How to work from home as a couple
If you're a couple starting a business from home, there's plenty to consider first
Marriage vows include loving, honouring, obeying – but where in all of that does it say anything about working together? Yet thousands of couples not only work from home, they work together too.
Friends and family often look on aghast as their nearest and dearest announce proudly that they intend to set up shop from home.
They wonder how anyone can stand the pressure of sharing the same space 24 hours a day, 365 days a year. What will happen when things get tough in the business? How can they possibly stop working at the end of the day? And won’t they get bored if they talk shop day after day?
Well, there are a few simple rules to follow if you are serious about taking the partnership one stage further. All the couples that we spoke to agreed that discussing the problems as well as the benefits from the outset will make it a much healthier relationship – in all ways. So if you are thinking about running a business together from home, we’ve got five tips that you should consider before you take things any further.
Division of responsibilities
Anyone considering working with their partner should spend serious amounts of time thinking through the consequences. If the relationship breaks down because the pair cannot survive living and working together, the consequences are far greater than for others – after all, the business and the home will have to be divided up.
One of the areas that can cause the most trouble is the division of labour. If you have quite different skills that you are each bringing to the business, the division might be quite straightforward. But you need to think through all the angles.
You may both be quite brilliant in your respective fields, but are either of you organised enough to run the business side and keep on top of the never-ending admin? And is your partner willing to allow you to have the keys to the kingdom?
What will happen if the “accountant” in the family starts saying there is not enough money to launch a new project which is the other’s pride and joy?
And what will happen if one of you is busting a gut to meet a deadline and the other appears to be sitting back and taking a rest? Will you both dive in with equal gusto or is one able to allow the other to take a break?
What will happen to your home life? You may not have children – but what happens if they come along? Who will do the shopping, cooking, cleaning? Can you divide all the labour or will one half feel put upon?
Every couple will have their own way of working and probably the best system will evolve over time. But as you start out, it is worth considering what space you have available.
This is both a physical and mental problem. Some people will work extremely happily in one small room but others will need separate offices.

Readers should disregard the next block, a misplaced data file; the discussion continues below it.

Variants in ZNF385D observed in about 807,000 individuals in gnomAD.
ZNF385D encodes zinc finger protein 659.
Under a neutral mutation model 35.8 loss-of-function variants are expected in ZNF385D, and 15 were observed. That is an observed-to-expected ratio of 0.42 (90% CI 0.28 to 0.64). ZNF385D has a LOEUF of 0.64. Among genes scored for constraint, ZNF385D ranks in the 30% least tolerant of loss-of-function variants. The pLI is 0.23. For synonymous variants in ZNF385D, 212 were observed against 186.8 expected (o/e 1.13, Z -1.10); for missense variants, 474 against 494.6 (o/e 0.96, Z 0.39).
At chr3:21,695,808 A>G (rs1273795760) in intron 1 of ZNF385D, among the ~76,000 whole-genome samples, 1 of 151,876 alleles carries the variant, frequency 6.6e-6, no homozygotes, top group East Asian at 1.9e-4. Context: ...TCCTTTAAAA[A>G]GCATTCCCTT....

Do you have the physical space for you both to work at home and for the business to expand? It is always better to be able to shut the door on your work rather than have to sweep the files aside to find a space to put your supper plate on.
You may also have to consider that work will continue after traditional office hours – will that have an impact on your leisure hours or your family?
Mental space is just as important. Most people do need a break from each other every now and again. This could be a matter of taking a day off to go shopping or a day out to see a client.
It could also involve taking separate holidays. The important thing to keep control of is jealousy. Make sure partners get equal opportunities to take time out.
Time out also extends to talking shop. If you work together all day, it is extremely difficult not to talk shop in the evening too, particularly if your job involves long hours or if, say, you are in the travel or entertainment business and the boundaries between work and pleasure start to blur.
Most couples who work together say they are guilty of carrying the work into their social life, so it is important to try and put it to the back of your mind. Having family around or a good outside social life will help.
What do you do when things start to go wrong? It is well worth thinking about this at the outset.
If you work separately and one of you loses a job, it is usually possible for the other to tide things over while you get back on your feet. But with both of you wrapped in the same business, the same problem becomes a disaster.
And it need not be a total collapse of business. What happens if you have a run of bad debts? Or if work slows for seasonal reasons? Do you have enough resources to carry on and are you both mentally ready to do this?
Last but not least, have fun. Make sure that you build fun into the itinerary. All work and no play is never good for anybody.
If the relationship breaks down because the pair cannot survive living and working together, the consequences are far greater than for others.